Blogging for business
Enterprise blogging has survived the fad stage. Managed properly, it can be a communication hub as well as being a revenue generator and money saver.
As Paula Berg, managing director of emerging media at Southwest Airlines explained, the depth and breadth of content funnelling back delivers benefits in terms of directing customers to their website and brand.
"People are searching Southwest and Hawaii, and they're getting the information they need... we come up first in search and [the customer] gets what they need. Whether they come back isn't as important."
The business case for blogging
Consider that these people have come away with a good feeling about the company in question. Now consider the advertising spend that would be needed to create a good thirty-second impression of the company in the mind of the consumer via conventional media sources such as TV, radio or newspapers. Through a blog, you've created a similar experience, but on a much more personal level and a lower budget. If you can justify traditional advertising, there's no reason to not justify your blog expenditure and activity coming from the marketing budget.
Many bloggers talk about the income they can make from their blog, and the techniques they use to generate an income can be applied to a corporate blog site to achieve income as well as deliver advertising and marketing messages to readers and get their real-time feedback.
Berg and Southwest have found that blogging has another benefit: "It's been a virtual focus group, at virtually no cost. Getting feedback on the blog [about a change in seating policy] certainly changed the internal debate, and illustrated to our executives the power of this tool."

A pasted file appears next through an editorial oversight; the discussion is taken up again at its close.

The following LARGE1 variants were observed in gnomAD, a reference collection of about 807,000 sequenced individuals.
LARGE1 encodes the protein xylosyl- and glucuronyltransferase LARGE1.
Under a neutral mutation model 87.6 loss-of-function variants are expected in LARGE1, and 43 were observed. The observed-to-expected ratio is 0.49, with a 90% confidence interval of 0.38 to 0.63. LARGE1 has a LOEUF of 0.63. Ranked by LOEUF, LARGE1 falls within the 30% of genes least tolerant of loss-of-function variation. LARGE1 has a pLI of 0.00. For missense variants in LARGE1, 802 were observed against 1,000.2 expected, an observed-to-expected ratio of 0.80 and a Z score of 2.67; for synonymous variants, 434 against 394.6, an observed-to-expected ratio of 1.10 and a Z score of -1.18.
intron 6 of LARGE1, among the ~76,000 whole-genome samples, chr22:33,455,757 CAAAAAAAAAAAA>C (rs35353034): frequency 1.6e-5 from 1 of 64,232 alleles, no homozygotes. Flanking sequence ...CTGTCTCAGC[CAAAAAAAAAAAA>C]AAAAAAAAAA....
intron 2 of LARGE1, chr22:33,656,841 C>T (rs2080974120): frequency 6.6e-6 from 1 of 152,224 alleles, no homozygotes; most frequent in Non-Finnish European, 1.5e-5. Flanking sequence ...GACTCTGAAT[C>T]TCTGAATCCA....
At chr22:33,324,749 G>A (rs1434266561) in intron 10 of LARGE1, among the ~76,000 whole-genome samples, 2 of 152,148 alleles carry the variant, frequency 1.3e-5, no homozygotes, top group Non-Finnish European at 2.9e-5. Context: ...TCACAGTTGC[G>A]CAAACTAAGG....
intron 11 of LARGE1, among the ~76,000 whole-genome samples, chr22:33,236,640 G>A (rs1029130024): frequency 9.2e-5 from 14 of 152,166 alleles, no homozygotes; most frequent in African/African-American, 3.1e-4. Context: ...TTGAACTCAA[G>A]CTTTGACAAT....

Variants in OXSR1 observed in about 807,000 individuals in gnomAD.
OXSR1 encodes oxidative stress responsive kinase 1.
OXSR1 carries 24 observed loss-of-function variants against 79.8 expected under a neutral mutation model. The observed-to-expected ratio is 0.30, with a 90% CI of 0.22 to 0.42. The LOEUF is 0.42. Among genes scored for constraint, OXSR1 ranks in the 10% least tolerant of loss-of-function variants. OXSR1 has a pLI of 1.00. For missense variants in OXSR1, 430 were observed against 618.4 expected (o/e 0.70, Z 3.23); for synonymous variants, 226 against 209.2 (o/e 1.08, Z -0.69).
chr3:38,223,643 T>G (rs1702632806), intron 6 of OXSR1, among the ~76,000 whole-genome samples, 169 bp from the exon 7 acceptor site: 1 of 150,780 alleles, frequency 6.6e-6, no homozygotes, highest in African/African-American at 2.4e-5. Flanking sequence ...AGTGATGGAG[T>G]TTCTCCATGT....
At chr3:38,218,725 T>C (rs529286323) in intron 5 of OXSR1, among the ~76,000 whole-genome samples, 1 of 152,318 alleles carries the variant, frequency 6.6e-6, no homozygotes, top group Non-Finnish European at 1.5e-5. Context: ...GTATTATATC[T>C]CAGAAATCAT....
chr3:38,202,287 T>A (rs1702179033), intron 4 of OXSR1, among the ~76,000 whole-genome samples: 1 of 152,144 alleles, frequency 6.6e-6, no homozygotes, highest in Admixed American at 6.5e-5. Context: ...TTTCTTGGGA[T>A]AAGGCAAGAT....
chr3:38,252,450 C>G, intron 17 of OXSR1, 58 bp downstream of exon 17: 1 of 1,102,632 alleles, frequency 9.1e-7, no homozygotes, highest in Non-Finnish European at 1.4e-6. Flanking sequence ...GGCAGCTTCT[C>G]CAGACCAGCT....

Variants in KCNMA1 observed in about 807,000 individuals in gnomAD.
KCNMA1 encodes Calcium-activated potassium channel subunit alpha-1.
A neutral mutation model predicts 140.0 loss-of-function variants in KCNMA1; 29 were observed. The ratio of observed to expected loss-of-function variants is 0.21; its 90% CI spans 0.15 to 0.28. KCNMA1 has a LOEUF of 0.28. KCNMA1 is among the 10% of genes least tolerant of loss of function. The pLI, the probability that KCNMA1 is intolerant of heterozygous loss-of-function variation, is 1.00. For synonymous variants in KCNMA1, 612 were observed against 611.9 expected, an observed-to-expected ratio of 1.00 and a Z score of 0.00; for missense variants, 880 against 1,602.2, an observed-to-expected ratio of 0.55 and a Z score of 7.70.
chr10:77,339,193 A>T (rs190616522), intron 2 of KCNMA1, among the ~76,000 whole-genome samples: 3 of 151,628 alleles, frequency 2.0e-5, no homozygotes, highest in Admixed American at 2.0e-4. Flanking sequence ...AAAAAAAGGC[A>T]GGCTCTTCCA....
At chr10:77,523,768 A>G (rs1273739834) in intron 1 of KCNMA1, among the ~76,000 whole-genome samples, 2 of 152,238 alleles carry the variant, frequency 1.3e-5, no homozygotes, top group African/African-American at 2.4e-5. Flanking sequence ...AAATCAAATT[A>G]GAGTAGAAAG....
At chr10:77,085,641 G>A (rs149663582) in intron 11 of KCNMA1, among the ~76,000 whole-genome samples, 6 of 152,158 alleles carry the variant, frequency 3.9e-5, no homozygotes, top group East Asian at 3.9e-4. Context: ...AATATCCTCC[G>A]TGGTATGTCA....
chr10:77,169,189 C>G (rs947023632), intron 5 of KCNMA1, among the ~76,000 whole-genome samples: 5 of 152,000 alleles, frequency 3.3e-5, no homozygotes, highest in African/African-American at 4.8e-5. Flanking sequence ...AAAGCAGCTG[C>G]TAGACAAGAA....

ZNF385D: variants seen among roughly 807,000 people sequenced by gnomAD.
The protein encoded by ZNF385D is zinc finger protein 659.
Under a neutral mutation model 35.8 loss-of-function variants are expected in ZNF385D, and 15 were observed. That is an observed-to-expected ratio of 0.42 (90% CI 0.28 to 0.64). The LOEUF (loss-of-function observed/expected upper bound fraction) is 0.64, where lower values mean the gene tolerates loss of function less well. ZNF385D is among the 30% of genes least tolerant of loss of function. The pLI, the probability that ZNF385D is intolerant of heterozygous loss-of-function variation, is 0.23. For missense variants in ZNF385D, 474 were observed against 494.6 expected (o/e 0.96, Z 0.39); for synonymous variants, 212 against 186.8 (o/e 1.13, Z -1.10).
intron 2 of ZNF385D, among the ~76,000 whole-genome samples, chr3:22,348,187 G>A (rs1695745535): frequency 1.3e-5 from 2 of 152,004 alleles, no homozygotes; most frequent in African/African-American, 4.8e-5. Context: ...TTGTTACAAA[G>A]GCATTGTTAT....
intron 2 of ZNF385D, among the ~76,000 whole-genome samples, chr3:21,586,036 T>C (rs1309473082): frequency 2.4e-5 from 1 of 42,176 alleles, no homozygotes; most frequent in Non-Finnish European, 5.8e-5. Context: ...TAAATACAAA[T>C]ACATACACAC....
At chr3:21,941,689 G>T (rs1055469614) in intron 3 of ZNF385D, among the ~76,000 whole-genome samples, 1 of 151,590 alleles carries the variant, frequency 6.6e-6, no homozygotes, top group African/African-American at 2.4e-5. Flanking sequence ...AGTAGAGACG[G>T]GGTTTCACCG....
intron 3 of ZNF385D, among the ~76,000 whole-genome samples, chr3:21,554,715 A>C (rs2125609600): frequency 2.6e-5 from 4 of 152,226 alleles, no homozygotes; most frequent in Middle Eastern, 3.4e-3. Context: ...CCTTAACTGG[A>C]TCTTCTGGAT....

Turning the focus on Twitter
In recent months, traditional web site blogging has been supplemented by so-called micro-blogging services, such as Twitter. This lets users write short posts of up to 140 characters on what they are doing throughout the day. It is dismissed by many as a lot of people posting 'I'm having a cup of tea now,' but if you make tea, Twitter is perfect to find out the habits of tea drinkers, their favoured brands, and other minute detail that would normally cost thousands to discover via more traditional surveys, focus groups and hands-on customer sessions.
Laura Fitton, a presentation consultant at Pistachio Consulting, advises companies on how to use Twitter and similar services. "You can learn, just by searching Twitter, about consumer preferences and behaviours related to your product," she said.
Tweetscan is one of the more popular tools that allow users to search and study conversations taking place via Twitter and to mine its archive.
"Even if your known customers are not part of the three million or so Twitter users, we could sit here right now and start searching your brand, and you could learn more about how your customers are using your product than in expensive market research," Fitton added.
It would be wrong to bundle all your blogs online into a single template, as each one is slightly different, and will have a different goal in mind, as will the people who read and interact with them within the blogosphere. Those who read and comment have the potential to be your biggest product research group, marketing demographics and product advocates all in one, while costing significantly less than the traditional methods.
For that reason, it may be time for your business to examine and develop a strategy for launching, maintaining and studying blogs along with associated online conversation tools.
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